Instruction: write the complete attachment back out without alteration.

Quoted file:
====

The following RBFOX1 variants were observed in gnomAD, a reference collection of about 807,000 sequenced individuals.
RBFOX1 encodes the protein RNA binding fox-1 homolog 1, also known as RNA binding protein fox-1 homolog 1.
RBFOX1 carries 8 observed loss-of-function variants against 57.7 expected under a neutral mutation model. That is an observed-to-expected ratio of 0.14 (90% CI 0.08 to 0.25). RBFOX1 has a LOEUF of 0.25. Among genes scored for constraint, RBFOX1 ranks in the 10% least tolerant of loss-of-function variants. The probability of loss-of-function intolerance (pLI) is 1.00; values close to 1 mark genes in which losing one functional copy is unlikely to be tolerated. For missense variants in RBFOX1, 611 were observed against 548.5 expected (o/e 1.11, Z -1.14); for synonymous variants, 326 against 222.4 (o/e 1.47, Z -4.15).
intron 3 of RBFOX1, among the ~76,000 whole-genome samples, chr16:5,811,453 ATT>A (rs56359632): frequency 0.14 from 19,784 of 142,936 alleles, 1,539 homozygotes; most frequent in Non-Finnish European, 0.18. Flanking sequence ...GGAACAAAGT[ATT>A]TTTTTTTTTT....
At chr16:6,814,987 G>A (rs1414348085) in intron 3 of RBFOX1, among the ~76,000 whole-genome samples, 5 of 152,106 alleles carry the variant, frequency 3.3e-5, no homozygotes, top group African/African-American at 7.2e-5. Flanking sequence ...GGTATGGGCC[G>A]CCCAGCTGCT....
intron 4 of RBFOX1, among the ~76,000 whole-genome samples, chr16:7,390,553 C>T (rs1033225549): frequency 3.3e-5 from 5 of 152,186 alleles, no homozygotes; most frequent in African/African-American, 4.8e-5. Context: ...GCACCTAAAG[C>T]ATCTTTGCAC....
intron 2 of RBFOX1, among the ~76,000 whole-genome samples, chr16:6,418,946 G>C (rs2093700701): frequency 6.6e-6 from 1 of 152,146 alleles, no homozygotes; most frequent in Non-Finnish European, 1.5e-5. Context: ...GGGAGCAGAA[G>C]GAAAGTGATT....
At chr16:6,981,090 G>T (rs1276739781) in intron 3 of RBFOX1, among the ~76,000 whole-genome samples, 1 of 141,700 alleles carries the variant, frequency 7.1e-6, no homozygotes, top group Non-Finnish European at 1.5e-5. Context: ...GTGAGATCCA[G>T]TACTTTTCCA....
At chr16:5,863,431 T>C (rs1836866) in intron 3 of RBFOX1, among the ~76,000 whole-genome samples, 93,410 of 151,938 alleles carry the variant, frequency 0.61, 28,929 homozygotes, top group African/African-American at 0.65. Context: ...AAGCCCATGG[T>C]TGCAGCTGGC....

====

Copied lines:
The following RBFOX1 variants were observed in gnomAD, a reference collection of about 807,000 sequenced individuals.
RBFOX1 encodes the protein RNA binding fox-1 homolog 1, also known as RNA binding protein fox-1 homolog 1.
RBFOX1 carries 8 observed loss-of-function variants against 57.7 expected under a neutral mutation model. That is an observed-to-expected ratio of 0.14 (90% CI 0.08 to 0.25). RBFOX1 has a LOEUF of 0.25. Among genes scored for constraint, RBFOX1 ranks in the 10% least tolerant of loss-of-function variants. The probability of loss-of-function intolerance (pLI) is 1.00; values close to 1 mark genes in which losing one functional copy is unlikely to be tolerated. For missense variants in RBFOX1, 611 were observed against 548.5 expected (o/e 1.11, Z -1.14); for synonymous variants, 326 against 222.4 (o/e 1.47, Z -4.15).
intron 3 of RBFOX1, among the ~76,000 whole-genome samples, chr16:5,811,453 ATT>A (rs56359632): frequency 0.14 from 19,784 of 142,936 alleles, 1,539 homozygotes; most frequent in Non-Finnish European, 0.18. Flanking sequence ...GGAACAAAGT[ATT>A]TTTTTTTTTT....
At chr16:6,814,987 G>A (rs1414348085) in intron 3 of RBFOX1, among the ~76,000 whole-genome samples, 5 of 152,106 alleles carry the variant, frequency 3.3e-5, no homozygotes, top group African/African-American at 7.2e-5. Flanking sequence ...GGTATGGGCC[G>A]CCCAGCTGCT....
intron 4 of RBFOX1, among the ~76,000 whole-genome samples, chr16:7,390,553 C>T (rs1033225549): frequency 3.3e-5 from 5 of 152,186 alleles, no homozygotes; most frequent in African/African-American, 4.8e-5. Context: ...GCACCTAAAG[C>T]ATCTTTGCAC....
intron 2 of RBFOX1, among the ~76,000 whole-genome samples, chr16:6,418,946 G>C (rs2093700701): frequency 6.6e-6 from 1 of 152,146 alleles, no homozygotes; most frequent in Non-Finnish European, 1.5e-5. Context: ...GGGAGCAGAA[G>C]GAAAGTGATT....
At chr16:6,981,090 G>T (rs1276739781) in intron 3 of RBFOX1, among the ~76,000 whole-genome samples, 1 of 141,700 alleles carries the variant, frequency 7.1e-6, no homozygotes, top group Non-Finnish European at 1.5e-5. Context: ...GTGAGATCCA[G>T]TACTTTTCCA....
At chr16:5,863,431 T>C (rs1836866) in intron 3 of RBFOX1, among the ~76,000 whole-genome samples, 93,410 of 151,938 alleles carry the variant, frequency 0.61, 28,929 homozygotes, top group African/African-American at 0.65. Context: ...AAGCCCATGG[T>C]TGCAGCTGGC....